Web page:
Brian D Williams writes:
> There's nothing like a retrospectroscope. When JFK commited America
Yeah, it's easy to bash pioneers a few decades downstream, especially from a comfy armchair position.
> to the moon virtually none of the technology existed to do the job,
> and yet in less than a decade, it was developed, and the mission
> completed successfully. JFK was a man of vision, nixon was not.
As I understand it, the programme was primarily driven by political prestige, and thus has been financially reckless (based on faulty assumptions) and technologically nonsustainable.
(It has also been very cool and exciting, but that's strictly irrelevant).
> The notion of "Cheap Power from space" has been thoroughly
> discredited, see Robert Zubrins "Entering Space" for details.
I haven't read it, so I cannot really comment, but I don't buy the arguments a priori. Pioneering of in vacuo technological processes can be done on Earth surface in space simulators (a lot cheaper than blasting rockets off to space). After the (small) seed is deployed on Moon surface, there will be (ideally) zero material traffic from Earth. (And even if, processed silicon is not very heavy). As the resource base expands, control can be given over to Earth-based operators (at some point even amateurs) and local or nonlocal automation, resulting in a laboratory of an unprecedented size. Spinoffs from operating such a thing will be unimaginable. Hard vacuum is a natural domain for machine-phase chemistry, for instance.
At some point a single person will be able to design and build a linear mass driver remotely. After amplification of this design, you have an essentially infinite supply of satellites (LEO, GEO, whatever). Since launch costs are negligeable, you can test literally thousands of different designs. All you have to do at the other end is to build rectennae arrays on the ground. Which are highly modular and have no movable parts. Could as well aerobrake them from orbit.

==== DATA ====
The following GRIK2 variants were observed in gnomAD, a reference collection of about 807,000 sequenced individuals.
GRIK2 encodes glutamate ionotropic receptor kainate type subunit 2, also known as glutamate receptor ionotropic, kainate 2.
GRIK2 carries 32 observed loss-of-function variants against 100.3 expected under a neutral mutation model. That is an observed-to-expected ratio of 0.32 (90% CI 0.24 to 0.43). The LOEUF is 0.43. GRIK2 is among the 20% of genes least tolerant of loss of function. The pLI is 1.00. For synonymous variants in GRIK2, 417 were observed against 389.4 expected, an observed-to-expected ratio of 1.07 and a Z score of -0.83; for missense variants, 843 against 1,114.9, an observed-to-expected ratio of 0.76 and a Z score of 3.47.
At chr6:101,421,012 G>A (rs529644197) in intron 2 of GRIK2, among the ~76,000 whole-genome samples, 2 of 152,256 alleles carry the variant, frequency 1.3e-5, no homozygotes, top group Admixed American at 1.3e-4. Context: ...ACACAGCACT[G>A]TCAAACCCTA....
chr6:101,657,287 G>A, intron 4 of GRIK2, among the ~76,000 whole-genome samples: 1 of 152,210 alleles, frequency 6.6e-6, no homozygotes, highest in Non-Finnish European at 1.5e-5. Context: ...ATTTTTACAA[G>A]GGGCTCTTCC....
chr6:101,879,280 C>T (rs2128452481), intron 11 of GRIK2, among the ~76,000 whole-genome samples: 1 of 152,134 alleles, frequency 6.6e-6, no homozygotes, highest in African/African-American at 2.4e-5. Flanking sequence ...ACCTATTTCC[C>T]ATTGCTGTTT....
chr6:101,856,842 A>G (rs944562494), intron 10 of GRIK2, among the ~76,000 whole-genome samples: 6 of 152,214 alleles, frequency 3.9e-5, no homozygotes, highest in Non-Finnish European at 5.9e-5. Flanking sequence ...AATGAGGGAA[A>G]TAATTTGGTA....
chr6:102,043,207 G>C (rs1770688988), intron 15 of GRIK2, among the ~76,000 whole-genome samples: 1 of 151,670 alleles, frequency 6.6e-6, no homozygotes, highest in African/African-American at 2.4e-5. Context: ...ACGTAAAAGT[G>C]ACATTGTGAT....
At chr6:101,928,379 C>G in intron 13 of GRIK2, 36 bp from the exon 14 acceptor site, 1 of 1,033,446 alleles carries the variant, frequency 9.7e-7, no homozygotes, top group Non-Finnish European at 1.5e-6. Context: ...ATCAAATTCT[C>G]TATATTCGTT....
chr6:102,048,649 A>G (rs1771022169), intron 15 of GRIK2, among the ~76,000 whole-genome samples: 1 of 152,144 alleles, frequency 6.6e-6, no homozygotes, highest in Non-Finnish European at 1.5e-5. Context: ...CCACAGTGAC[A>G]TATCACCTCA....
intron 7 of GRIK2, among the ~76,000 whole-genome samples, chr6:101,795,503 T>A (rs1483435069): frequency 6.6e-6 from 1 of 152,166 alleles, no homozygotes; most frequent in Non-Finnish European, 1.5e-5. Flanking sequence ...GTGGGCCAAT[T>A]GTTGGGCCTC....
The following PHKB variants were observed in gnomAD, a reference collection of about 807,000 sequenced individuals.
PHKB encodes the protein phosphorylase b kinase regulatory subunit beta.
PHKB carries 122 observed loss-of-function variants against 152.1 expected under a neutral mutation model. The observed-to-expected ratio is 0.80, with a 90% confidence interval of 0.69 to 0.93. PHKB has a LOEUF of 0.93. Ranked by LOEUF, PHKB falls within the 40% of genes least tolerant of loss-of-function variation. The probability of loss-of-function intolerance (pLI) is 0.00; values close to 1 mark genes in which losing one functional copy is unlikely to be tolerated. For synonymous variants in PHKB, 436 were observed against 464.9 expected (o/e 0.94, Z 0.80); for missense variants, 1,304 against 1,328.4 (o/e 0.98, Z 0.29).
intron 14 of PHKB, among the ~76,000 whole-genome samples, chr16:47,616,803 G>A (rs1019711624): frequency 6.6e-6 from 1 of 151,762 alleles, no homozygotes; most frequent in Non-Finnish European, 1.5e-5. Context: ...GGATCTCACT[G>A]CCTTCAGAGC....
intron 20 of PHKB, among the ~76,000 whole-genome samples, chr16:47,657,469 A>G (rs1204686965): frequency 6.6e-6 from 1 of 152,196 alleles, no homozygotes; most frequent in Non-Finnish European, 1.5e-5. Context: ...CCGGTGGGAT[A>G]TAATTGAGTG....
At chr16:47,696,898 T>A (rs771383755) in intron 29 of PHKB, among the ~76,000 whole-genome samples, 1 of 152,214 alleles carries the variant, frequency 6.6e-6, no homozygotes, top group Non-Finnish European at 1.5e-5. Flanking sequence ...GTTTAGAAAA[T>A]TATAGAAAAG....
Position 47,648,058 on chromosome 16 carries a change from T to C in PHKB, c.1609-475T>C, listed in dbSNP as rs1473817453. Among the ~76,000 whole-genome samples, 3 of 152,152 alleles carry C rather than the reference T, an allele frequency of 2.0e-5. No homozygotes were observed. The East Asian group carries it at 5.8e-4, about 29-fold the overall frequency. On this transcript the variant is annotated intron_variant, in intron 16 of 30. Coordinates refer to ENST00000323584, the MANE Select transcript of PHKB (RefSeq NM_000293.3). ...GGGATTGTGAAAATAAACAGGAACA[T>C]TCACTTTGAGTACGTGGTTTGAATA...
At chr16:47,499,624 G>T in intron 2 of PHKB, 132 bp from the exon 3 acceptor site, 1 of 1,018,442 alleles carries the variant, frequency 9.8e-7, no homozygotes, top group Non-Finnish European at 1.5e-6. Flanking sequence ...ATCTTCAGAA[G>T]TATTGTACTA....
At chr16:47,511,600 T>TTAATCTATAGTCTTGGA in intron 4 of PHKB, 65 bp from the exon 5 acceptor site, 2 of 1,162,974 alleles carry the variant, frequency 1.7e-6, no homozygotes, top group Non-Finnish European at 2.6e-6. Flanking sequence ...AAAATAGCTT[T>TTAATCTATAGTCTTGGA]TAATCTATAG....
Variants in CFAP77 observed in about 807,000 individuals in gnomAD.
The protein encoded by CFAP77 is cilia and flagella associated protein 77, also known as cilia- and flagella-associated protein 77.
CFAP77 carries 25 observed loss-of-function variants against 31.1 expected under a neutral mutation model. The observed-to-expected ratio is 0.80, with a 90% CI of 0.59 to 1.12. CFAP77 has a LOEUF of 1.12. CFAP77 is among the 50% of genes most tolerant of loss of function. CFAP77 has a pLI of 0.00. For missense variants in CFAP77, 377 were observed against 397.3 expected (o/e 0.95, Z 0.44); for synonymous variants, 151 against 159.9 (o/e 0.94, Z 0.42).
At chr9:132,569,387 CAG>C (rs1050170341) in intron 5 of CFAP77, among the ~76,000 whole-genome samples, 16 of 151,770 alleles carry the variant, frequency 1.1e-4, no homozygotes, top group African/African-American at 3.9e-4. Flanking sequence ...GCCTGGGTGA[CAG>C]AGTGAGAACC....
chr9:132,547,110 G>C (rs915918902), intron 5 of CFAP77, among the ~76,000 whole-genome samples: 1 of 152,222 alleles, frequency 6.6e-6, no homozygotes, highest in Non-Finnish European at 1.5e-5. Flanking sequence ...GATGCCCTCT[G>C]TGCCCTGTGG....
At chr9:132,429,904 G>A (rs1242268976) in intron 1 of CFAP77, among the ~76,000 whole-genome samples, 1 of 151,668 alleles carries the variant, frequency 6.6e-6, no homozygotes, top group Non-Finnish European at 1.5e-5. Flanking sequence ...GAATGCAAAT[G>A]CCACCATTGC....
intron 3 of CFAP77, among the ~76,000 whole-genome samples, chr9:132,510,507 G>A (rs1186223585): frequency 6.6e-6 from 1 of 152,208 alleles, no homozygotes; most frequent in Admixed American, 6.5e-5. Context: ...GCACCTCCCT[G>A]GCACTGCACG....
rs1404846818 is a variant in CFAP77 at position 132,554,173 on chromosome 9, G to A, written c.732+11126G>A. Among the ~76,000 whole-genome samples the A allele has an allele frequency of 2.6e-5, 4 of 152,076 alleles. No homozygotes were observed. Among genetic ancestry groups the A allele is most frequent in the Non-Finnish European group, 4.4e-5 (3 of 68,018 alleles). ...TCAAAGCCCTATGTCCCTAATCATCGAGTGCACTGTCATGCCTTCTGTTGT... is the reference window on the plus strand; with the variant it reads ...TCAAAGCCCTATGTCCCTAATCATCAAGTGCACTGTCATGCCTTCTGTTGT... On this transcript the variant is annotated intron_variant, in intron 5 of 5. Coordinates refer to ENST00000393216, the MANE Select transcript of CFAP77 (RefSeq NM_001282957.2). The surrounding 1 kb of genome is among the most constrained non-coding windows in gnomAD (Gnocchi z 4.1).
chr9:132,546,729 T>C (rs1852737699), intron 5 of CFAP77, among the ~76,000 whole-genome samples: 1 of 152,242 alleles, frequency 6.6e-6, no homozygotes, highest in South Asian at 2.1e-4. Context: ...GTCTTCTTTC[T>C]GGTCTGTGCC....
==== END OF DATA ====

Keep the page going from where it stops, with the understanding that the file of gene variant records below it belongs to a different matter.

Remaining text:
If that's not cheap, I don't know what is cheap. Terrestrial PV arrays, maybe. But a Moon encrusted with automated industry is worth a whole lot more than cheap power. Someone make a back of the envelope how many Mt/s you can launch if the entire Moon surface is yours.
> Yes 30 billion is a pittingly small amount, as I already pointed
> out we gave Mexico that amount in an afternoon a few years back.
> A shuttle flight is 600 million dollars.
Political realities make it easy to spend G$ on trifles. Do you know how much is yearly spent on spectator sports? Military operations?
We all know that the Shuttle is an abomination. Try financing these purely privately. Uh-oh.
> Our economy is three times the size it was back when we went to the
> moon, and we can use existing tech to do the job. In real numbers,
> we can begin to colonize Mars for less money than it took to
> colonize America.
By the time you get a sustainable colony going the bulk of humankind will be living in deep space -- without space suits, whether counterpressure bodyglove, or otherwise. I also honestly think that planetary surfaces are soon going to be scarce commodities. Early fixation on planetary surface living style might be counterproductive on the long run. In the worst case, it can get you killed in a resource war.
> Mars is well within the budget of Japan, China, the former soviets,
> and even the EU.